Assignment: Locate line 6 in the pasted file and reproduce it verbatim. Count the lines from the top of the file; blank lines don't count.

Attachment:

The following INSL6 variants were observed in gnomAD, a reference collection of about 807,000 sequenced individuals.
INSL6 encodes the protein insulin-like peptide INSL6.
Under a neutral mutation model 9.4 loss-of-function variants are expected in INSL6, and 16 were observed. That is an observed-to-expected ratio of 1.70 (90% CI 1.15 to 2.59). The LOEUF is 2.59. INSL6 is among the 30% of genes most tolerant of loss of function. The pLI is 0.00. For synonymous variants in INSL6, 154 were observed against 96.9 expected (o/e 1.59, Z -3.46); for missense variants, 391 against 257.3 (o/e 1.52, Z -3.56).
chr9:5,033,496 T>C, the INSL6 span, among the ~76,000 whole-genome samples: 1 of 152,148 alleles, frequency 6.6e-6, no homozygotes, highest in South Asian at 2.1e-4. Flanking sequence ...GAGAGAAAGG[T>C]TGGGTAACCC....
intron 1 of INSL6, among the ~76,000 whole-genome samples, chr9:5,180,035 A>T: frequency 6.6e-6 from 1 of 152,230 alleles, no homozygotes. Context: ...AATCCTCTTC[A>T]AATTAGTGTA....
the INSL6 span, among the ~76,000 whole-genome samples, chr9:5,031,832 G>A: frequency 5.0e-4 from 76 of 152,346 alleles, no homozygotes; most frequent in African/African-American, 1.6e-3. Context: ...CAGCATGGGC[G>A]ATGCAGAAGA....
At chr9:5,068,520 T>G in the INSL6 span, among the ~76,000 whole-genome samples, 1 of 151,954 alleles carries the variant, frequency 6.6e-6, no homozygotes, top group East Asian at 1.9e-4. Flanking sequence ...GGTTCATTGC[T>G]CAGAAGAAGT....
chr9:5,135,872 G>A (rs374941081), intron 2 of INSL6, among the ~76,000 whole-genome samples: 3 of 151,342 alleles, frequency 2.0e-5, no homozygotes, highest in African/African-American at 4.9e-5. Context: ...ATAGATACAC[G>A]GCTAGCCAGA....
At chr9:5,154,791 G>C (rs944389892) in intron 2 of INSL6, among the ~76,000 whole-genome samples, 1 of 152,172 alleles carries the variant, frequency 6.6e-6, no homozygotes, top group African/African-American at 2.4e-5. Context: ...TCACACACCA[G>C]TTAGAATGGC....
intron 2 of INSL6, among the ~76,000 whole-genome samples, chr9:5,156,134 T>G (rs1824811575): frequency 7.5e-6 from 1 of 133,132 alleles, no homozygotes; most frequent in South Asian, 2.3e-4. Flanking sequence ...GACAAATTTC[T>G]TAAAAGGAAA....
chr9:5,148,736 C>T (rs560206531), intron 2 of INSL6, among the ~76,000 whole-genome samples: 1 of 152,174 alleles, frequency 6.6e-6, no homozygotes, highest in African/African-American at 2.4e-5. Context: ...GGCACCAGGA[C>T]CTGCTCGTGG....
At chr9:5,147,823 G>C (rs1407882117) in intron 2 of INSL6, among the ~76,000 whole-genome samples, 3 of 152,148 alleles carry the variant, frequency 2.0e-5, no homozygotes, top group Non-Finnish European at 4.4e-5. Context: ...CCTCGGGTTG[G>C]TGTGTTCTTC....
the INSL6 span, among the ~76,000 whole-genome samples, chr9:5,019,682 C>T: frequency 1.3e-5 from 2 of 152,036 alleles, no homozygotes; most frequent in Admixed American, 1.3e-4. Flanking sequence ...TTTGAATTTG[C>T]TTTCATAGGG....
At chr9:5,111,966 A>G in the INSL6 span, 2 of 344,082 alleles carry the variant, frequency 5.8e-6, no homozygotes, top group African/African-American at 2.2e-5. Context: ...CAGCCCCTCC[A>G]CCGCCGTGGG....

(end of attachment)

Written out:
the INSL6 span, among the ~76,000 whole-genome samples, chr9:5,031,832 G>A: frequency 5.0e-4 from 76 of 152,346 alleles, no homozygotes; most frequent in African/African-American, 1.6e-3. Context: ...CAGCATGGGC[G>A]ATGCAGAAGA....